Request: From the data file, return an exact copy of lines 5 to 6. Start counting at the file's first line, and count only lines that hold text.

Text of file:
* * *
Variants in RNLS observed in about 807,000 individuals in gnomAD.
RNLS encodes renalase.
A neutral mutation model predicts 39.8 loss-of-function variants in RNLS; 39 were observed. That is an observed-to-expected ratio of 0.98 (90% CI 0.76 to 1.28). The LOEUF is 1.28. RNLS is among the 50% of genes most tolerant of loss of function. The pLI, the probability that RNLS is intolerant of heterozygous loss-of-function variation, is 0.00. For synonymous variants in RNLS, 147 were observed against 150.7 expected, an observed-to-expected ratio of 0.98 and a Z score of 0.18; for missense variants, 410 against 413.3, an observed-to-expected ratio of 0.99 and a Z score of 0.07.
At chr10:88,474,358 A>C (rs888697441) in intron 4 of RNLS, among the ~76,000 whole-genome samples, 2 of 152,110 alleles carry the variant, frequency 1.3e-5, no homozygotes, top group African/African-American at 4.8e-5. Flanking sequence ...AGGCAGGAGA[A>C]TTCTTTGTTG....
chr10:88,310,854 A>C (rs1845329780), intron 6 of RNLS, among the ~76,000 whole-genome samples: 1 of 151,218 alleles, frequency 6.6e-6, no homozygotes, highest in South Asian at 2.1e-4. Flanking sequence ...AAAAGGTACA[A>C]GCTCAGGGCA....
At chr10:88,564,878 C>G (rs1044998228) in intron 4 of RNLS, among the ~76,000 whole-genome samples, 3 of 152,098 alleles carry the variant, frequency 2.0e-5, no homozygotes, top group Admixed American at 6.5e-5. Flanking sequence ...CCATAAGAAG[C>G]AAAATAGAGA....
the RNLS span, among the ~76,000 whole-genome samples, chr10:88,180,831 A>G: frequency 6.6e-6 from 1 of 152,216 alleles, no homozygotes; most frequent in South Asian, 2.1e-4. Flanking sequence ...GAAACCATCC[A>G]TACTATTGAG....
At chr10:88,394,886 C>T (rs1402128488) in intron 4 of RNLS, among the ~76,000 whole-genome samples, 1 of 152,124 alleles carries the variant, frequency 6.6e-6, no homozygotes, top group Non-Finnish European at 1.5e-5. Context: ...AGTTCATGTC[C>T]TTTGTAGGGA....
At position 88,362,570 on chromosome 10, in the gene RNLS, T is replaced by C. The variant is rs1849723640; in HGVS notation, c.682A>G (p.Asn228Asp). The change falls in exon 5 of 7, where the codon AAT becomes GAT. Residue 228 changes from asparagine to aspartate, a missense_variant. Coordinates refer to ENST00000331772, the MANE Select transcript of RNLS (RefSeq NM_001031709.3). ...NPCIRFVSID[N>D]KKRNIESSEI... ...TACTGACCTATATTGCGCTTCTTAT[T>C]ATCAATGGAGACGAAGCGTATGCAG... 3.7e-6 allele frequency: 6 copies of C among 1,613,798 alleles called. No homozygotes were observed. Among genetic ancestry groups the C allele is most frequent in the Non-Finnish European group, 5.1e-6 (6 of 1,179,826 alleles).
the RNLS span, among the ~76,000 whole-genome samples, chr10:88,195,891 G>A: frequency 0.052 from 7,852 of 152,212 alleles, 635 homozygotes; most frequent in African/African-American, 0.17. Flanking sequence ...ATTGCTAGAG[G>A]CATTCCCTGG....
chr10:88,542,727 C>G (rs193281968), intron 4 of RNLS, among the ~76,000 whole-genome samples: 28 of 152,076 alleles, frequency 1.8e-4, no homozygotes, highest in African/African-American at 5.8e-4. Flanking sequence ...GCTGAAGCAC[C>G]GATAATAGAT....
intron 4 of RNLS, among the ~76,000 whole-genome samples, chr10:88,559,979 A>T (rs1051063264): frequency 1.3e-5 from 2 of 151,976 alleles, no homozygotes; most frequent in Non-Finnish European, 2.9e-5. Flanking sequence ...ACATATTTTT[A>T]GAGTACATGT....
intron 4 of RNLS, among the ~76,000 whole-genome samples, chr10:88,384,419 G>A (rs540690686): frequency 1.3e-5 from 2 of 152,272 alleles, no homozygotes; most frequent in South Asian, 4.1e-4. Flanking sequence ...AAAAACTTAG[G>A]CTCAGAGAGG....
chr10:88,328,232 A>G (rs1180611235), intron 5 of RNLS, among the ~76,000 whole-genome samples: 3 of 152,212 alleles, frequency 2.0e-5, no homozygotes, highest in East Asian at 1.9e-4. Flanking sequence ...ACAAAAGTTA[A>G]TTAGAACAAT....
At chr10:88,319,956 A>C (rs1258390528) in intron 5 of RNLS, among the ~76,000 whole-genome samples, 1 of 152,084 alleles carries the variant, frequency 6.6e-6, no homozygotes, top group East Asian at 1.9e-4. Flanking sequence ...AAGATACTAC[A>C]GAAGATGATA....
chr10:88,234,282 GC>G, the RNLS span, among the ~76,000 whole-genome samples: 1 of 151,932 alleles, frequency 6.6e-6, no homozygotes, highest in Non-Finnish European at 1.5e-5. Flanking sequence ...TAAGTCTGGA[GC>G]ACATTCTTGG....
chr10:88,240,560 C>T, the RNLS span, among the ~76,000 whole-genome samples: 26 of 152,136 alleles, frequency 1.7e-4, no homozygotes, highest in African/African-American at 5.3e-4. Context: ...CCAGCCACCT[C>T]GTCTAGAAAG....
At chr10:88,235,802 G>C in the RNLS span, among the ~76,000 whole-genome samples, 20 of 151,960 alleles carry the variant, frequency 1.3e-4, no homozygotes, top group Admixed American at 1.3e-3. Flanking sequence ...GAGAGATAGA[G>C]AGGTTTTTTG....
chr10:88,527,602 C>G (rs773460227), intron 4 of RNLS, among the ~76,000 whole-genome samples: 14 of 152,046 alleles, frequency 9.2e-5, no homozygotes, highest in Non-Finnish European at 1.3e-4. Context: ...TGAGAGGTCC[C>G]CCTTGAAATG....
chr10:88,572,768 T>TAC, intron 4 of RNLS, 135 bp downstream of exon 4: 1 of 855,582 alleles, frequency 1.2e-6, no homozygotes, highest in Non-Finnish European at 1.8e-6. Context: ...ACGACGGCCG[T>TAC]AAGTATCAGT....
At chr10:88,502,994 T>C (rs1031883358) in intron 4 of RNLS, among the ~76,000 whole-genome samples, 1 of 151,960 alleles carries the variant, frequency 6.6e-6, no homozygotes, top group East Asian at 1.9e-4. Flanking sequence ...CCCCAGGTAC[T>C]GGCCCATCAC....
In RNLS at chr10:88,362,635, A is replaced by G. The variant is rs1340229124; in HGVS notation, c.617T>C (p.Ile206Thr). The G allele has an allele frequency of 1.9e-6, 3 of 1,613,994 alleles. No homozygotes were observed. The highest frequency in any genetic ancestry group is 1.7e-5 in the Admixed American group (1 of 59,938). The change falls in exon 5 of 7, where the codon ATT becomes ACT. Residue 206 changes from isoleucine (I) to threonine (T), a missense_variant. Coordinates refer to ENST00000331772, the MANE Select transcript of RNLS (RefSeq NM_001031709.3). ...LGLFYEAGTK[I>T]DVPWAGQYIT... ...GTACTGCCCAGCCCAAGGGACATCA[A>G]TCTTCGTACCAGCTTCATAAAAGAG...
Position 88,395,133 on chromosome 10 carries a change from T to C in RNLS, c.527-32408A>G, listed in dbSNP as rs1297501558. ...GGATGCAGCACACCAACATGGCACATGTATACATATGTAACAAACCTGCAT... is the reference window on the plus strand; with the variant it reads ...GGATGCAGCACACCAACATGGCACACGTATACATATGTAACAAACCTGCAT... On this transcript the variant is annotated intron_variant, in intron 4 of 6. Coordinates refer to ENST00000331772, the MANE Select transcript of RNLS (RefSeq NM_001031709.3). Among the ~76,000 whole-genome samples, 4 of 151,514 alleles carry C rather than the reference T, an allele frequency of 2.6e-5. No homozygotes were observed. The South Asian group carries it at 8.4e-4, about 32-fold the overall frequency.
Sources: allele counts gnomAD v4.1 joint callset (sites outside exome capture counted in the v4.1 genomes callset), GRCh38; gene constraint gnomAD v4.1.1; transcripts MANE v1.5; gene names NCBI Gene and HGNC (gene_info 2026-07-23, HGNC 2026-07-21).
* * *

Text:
chr10:88,310,854 A>C (rs1845329780), intron 6 of RNLS, among the ~76,000 whole-genome samples: 1 of 151,218 alleles, frequency 6.6e-6, no homozygotes, highest in South Asian at 2.1e-4. Flanking sequence ...AAAAGGTACA[A>C]GCTCAGGGCA....
At chr10:88,564,878 C>G (rs1044998228) in intron 4 of RNLS, among the ~76,000 whole-genome samples, 3 of 152,098 alleles carry the variant, frequency 2.0e-5, no homozygotes, top group Admixed American at 6.5e-5. Flanking sequence ...CCATAAGAAG[C>G]AAAATAGAGA....